It's an outdoor concert right in the center of what had been the Jewish quarter. And they set up a stage on one end, decorated with menorahs and other Jewish symbols, and it's nationally televised. Polish national television carries this concert live.
And they bring in klezmer musicians from around the world, the top klezmer musicians in the business. And they put them on stage, and they bring in thousands and thousands of young people, mostly in their 20s, teens, 20s, 30s, and they just pack this square. And they go crazy. It's just like this big rock concert, only it's klezmer music.
And they're non-Jews. These people in the crowd, just to be clear, are non-Jews.
There might be some tourists there. There's a mix of people. But by and large, this is the youth culture of Krakow. But this concert capped a week of, there were classes on Jewish dancing that drew 200 people to a high school gym, 200 people who really wanted to learn the horah. There were 60 mostly college-aged kids in a workshop on the Yiddish language.
Give your best understanding of how this trend came about. How did this happen?
It was sort of an intellectual thing in the 80s. There was this group of people who were interested in it. And they would have meetings about Jewish culture, and bring in Jewish writers to come speak, or have concerts of Jewish music. But it was a small thing.
And from this group emerged a number of things, such as the first Jewish cultural festival, which actually started as a Jewish film festival in, I think, 1988. And what happened is it was a huge success. They expected a few dozen people. And in fact, a couple hundred came. And it was a full room. And that was 1988.
And the following year, communism falls. So suddenly, not only is there interest, but now there's opportunity. And actually, and then the big turning point around 1993, Spielberg comes to make Schindler's List. And suddenly, there's this big American director in Krakow, making a movie.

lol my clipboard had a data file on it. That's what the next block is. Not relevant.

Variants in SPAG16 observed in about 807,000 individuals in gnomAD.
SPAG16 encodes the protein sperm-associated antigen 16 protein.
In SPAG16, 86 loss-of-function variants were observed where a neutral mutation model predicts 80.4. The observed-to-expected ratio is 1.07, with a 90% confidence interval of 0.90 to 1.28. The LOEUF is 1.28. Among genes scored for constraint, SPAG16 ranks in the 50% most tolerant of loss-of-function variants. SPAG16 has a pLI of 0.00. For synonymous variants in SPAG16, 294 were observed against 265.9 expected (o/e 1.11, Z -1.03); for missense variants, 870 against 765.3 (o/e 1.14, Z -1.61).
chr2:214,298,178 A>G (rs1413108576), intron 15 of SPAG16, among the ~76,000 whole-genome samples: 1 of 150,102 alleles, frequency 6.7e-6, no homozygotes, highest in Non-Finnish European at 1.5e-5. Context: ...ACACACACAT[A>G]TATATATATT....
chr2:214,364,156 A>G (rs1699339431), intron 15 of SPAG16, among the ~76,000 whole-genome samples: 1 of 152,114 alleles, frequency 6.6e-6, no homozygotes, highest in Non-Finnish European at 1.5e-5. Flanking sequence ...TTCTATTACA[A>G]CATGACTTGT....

A movie about the Jews.
And he's filming it in the Jewish quarter. He turned this little Jewish quarter into the set for his movie. And it was a huge success. And then when the movie comes out, all these people start flocking to this part of town to see where it was that Spielberg made this big movie, Schindler's List.
Now, one of the pieces of tape you've brought in that you recorded there is with the owner of a bookshop?
Right, right. And he was a guy who had this love of Jewish culture, and he had just opened up this bookshop. And he put Jewish book titles on the shelves. And then one day, this movie gets made, and the whole world changes.
Here we go. Here's the tape.
We should build memorial for Spielberg in the center of this place. Because thanks to Spielberg, we can exist now in better situation. After Spielberg's film, it was a kind of revolution in the mentality of people. You know that premiere of this film was in December, in New York. First days of January, '94, first American tourists visited me in the bookshop. And every day, it was the same.
The bookstore started giving tours. First, they wrote a guidebook of where all the places in the movie were. And then the tourists were coming, and the locals would start to come. It wasn't just foreigners. The whole city wanted to come. And Poles who came to visit from other parts of the country would want to come.
And actually, it was so successful, before the movie, there was just the bookshop and one cafe, called the Ariel Cafe. After the movie came out, it was such a success, the people who owned the building where the Ariel Cafe was actually evicted the people who had started the cafe.
The Jewish cafe.